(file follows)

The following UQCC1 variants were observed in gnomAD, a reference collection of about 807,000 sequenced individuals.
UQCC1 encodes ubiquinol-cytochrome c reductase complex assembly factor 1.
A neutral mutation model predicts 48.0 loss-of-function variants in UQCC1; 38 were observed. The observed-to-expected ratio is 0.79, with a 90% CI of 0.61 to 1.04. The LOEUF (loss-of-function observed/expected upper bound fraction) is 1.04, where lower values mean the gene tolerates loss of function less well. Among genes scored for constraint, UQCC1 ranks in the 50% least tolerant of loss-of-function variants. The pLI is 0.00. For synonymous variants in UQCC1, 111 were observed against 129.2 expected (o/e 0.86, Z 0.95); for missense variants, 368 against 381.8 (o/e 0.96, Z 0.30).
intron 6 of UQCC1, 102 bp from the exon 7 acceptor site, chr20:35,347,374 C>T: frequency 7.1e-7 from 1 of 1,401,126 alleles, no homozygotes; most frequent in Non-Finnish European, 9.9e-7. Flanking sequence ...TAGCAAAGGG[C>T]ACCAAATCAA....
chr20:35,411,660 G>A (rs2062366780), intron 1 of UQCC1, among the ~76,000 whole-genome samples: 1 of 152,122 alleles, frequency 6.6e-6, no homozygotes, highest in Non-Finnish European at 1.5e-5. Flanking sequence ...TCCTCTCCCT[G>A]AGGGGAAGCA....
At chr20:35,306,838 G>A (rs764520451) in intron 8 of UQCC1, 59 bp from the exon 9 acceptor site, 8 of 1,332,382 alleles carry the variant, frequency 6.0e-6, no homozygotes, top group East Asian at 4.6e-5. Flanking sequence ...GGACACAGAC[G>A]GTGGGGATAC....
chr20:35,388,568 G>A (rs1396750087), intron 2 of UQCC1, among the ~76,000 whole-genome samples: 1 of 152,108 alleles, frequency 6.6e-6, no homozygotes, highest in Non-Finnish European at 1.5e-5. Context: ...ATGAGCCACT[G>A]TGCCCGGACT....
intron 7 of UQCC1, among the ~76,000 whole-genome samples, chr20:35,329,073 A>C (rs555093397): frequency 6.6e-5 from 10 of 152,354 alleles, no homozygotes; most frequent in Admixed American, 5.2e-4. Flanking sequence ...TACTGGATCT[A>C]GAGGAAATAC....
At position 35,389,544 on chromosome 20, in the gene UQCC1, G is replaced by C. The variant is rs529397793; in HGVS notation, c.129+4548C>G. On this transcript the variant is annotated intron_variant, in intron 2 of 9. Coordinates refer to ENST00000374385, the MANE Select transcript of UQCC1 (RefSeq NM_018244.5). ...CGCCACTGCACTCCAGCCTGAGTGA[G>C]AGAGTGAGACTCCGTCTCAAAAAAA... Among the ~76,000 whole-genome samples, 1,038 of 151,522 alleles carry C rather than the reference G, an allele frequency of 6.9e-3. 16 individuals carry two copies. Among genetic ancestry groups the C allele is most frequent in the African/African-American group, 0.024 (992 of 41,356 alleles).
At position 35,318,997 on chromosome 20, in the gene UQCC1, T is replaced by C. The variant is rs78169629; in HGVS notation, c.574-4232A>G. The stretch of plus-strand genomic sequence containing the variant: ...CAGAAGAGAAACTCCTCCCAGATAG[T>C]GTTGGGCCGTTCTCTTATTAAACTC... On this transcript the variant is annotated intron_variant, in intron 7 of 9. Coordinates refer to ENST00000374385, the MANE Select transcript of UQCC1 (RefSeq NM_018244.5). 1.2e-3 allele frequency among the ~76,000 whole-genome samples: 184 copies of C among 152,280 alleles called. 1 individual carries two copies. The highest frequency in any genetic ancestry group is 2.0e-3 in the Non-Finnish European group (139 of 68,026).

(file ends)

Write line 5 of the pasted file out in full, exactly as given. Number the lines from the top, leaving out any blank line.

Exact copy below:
chr20:35,411,660 G>A (rs2062366780), intron 1 of UQCC1, among the ~76,000 whole-genome samples: 1 of 152,122 alleles, frequency 6.6e-6, no homozygotes, highest in Non-Finnish European at 1.5e-5. Flanking sequence ...TCCTCTCCCT[G>A]AGGGGAAGCA....